Hey Restaurants–Get off your High Horse and Show me the money a la Cuba Gooding Jr

Hey fans and friends – Quinn David Furness coming at you with a midweek check-in and our second ever installment of the Beantown Blog. I gotta tell you, I really like what we’ve developed here. I can’t tell you how many times throughout a week I think of something I really want the world to know about, but it’s too long for a social media post, too short for any sort of podcast or Beantown Unplugged series, and not really best suited for standup. Not to mention the standup scene out here in Baltimore is somewhere on the spectrum of ‘Non-existent’ and ‘What do you mean stand-up?’ My dear Friend of the Podcast Matthew Fiedler has been asking for some sort of midweek 5-minute rant weekly for a long time now, so I hope you’re satisfied with this for now, Matthew.

Let’s get right to it–Restaurants who don’t put prices on their menu. I’m sitting here on lunch break the other day, and you know me, I’m swiping and such, up down left and right, interacting with the fans, publishing some instachats, going facebook live, you get it. I happen to stumble across an insta story from my old piano teacher, and she posts a photo of the menu of this place, and it looks nice and all, mixed chopped salads, greek parfaits, the works, etc etc etc, but you know what I notice? No prices. That’s right, nothing.

So let’s talk about it. Yeah, I’m calling you out, the fancy steak places, the seafood joints where they got a guy in the bathroom handing you towels, the Five Guys to your McDonald’s, if you will. Look, we’re not all Bill and Melinda Gates. We can’t all go to a restaurant, order an appetizer, an entree, a dessert, AND a drink without starting to sweat it a bit. I know ever since I switched careers from music to education, I’ve had a bit more of a financial cushion, but the cushion isn’t that thick baby. Nay, this is an injustice. I know you want to seem all high-end fancy whatever, but as an American citizen, I believe I have a right to know how much my appetizer is going to cost. Would I like a glass of sauvignon blanc? Yes, but only if I know if I’m gonna have enough money to pay for health insurance at the end of the month (TY OBAMA). Of course that tierameisut (I’m leaving it like that because it was my first attempt and it was close) on the dessert menu looks tasty, but you know what else I could do with $10? College Quinn could’ve eaten for a week. That’s a slight exaggeration but not far off (when I was 19 living in Uptown, Chicago, I used to take a $20 bill to Aldi up on Broadway/Wilson and walk out like a king)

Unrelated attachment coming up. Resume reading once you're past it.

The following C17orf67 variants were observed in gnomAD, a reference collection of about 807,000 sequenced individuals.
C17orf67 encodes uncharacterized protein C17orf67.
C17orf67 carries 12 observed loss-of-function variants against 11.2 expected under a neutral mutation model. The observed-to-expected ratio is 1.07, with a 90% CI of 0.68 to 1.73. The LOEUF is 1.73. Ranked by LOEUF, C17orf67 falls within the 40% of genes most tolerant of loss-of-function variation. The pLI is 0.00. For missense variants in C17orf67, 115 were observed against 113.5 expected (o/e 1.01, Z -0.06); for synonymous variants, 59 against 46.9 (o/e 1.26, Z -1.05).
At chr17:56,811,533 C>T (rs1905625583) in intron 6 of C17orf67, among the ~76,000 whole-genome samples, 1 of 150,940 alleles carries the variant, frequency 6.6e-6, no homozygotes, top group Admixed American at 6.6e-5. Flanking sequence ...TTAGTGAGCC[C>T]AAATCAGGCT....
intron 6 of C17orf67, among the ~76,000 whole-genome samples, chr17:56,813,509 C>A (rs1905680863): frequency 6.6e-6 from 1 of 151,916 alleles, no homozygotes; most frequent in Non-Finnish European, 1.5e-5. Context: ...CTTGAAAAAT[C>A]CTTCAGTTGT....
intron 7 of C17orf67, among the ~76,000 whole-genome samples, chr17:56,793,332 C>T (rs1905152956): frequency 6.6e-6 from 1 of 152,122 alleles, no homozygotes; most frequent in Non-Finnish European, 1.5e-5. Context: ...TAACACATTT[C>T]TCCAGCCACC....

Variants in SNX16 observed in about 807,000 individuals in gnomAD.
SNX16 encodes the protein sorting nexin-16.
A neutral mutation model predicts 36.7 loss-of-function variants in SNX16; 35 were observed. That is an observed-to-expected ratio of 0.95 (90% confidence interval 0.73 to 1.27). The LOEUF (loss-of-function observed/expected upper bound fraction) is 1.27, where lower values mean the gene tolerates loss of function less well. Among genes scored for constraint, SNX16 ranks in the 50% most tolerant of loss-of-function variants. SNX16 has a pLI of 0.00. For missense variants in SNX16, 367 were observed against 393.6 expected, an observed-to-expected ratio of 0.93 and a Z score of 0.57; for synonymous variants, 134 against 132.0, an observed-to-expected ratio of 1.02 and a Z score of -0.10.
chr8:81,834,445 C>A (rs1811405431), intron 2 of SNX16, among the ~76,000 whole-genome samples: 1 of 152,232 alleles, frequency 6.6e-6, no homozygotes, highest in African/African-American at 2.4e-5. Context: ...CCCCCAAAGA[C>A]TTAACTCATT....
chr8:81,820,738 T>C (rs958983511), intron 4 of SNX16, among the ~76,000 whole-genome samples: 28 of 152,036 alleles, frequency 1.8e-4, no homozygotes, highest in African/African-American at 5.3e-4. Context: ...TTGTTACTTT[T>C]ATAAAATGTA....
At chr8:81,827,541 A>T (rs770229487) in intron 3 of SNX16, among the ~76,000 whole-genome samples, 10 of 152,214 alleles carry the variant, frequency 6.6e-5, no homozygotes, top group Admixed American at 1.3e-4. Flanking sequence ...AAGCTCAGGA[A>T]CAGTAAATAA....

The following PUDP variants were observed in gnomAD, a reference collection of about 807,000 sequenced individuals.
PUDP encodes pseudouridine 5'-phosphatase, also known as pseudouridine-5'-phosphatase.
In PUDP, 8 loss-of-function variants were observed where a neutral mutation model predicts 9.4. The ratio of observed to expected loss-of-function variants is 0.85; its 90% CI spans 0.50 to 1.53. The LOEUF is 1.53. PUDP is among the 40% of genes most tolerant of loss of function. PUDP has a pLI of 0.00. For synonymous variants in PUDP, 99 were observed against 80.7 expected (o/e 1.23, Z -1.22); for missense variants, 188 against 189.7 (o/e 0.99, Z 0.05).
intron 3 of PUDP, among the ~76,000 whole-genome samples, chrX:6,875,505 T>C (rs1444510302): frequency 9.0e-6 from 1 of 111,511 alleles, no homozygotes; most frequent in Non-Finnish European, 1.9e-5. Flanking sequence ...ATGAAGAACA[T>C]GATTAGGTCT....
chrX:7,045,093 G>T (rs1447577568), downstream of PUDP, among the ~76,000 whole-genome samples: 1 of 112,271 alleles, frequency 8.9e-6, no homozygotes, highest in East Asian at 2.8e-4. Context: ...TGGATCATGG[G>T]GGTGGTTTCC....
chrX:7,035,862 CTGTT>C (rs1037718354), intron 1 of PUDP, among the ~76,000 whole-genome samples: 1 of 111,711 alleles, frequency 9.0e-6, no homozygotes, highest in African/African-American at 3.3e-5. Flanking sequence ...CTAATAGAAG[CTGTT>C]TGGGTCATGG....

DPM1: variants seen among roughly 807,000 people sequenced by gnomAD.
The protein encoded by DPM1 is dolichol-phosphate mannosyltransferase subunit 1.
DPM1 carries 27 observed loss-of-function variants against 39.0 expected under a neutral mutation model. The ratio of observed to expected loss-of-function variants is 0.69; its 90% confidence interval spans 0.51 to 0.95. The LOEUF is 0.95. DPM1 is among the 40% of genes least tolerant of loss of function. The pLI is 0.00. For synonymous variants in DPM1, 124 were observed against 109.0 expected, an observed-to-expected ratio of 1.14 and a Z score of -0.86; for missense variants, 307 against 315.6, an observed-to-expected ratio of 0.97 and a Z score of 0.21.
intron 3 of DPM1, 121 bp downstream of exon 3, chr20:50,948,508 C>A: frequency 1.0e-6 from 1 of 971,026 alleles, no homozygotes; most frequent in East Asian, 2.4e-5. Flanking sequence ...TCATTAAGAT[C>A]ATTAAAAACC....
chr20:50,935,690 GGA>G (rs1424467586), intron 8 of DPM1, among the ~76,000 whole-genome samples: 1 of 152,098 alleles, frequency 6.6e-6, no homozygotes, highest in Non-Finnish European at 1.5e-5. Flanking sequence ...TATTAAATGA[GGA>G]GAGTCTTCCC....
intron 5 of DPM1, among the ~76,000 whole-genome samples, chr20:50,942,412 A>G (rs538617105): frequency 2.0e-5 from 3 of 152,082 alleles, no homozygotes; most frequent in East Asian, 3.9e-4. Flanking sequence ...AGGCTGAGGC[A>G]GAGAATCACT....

Here’s my secret: A lot of people I talk to don’t place enough emphasis on the cost efficiency of items. For example, if you buy a big ole sack of rice, that’s crazy good value, because you can get multiple pounds of rice for about $2-3. On the other hand, sure, we all love cheese, but you might just get a mid-sized bag of shredded stuff for another $2-3. You tell me what’s more valuable/efficient. So here was the plan, and it was all about staples: Rice, barley, typically chicken (I like turkey and beef but chicken tends to be the most cost effective), no superfluous beverages besides Folgers coffee (that stuff still haunts me), just the produce you need to make a big batch of something like chili or jambalaya, apples for breakfast, oats, and frozen veggies to stay fit.

Now, occasionally when either myself or one of my music buddies would score a church gig, we would make it rain ($50-100 may not sound like a lot to you, but as 19-year olds, it was everything). That’s when we pulled out the big guns–Hawaiian Punch and Vodka. I’m telling you, this stuff is the nectar of the gods. I distinctly recall one time pre-gaming at my apartment in Uptown with roommates (drinking the aforementioned nectar) before taking the train to campus for the sole purpose of playing drunk pickup basketball. And the best part? We brought thermoses filled with more of the concoction, so that in between games, we could stay (de?)hydrated. Here’s the kicker, and you might not believe it but I promise to god it is true: We were better wasted than sober. I don’t know if it was divine intervention because we went to a Catholic university or simply the sheer power of Hawaiian Punch and Vodka, but in those moments, we were infinite. If you want proof, I played in a rec basketball league last spring. 8 games in a season. I probably averaged about 20 mins/game in 40 minute games. You wanna know how many points I scored the entire season? 0. My hops just aren’t what they used to be. I know people roll their eyes when I complain about getting old, but the marathons I’ve run and the hamstring and back issues I’ve had have really taken it out of me.

So here’s the point: Hey Restaurants–Get Off your High Horse and Show Me the Money. That’s what Cuba Gooding Jr (aka Rod Tidwell) told Tom Cruise in ‘Jerry Maguire,’ and he won an Oscar for that. Isn’t it enough that I actually showed up to your restaurant? I shouldn’t have to spend the entire meal eating in fear. That’s not fair to me, our communities, or America. I’m p certain there’s a clause in the Geneva Convention that prevents that. Leave it up to a bunch of fancy rich communist restaurants to turn their noses up to such a universally binding document.

All right, I ran out of things to say. See you this weekend for the podcast. Or before on the Blog if I think of something else. Also, I’m finishing up my Oscars monologue–If anyone has any good last second jokes, email me at beantownpodcast@yahoo.com or leave a comment here. You’ll get writing credit and it’s tax deductible! Also, trying to get hooked up with Justin Bartha so if anyone knows the best way to contact him, please also let me know.

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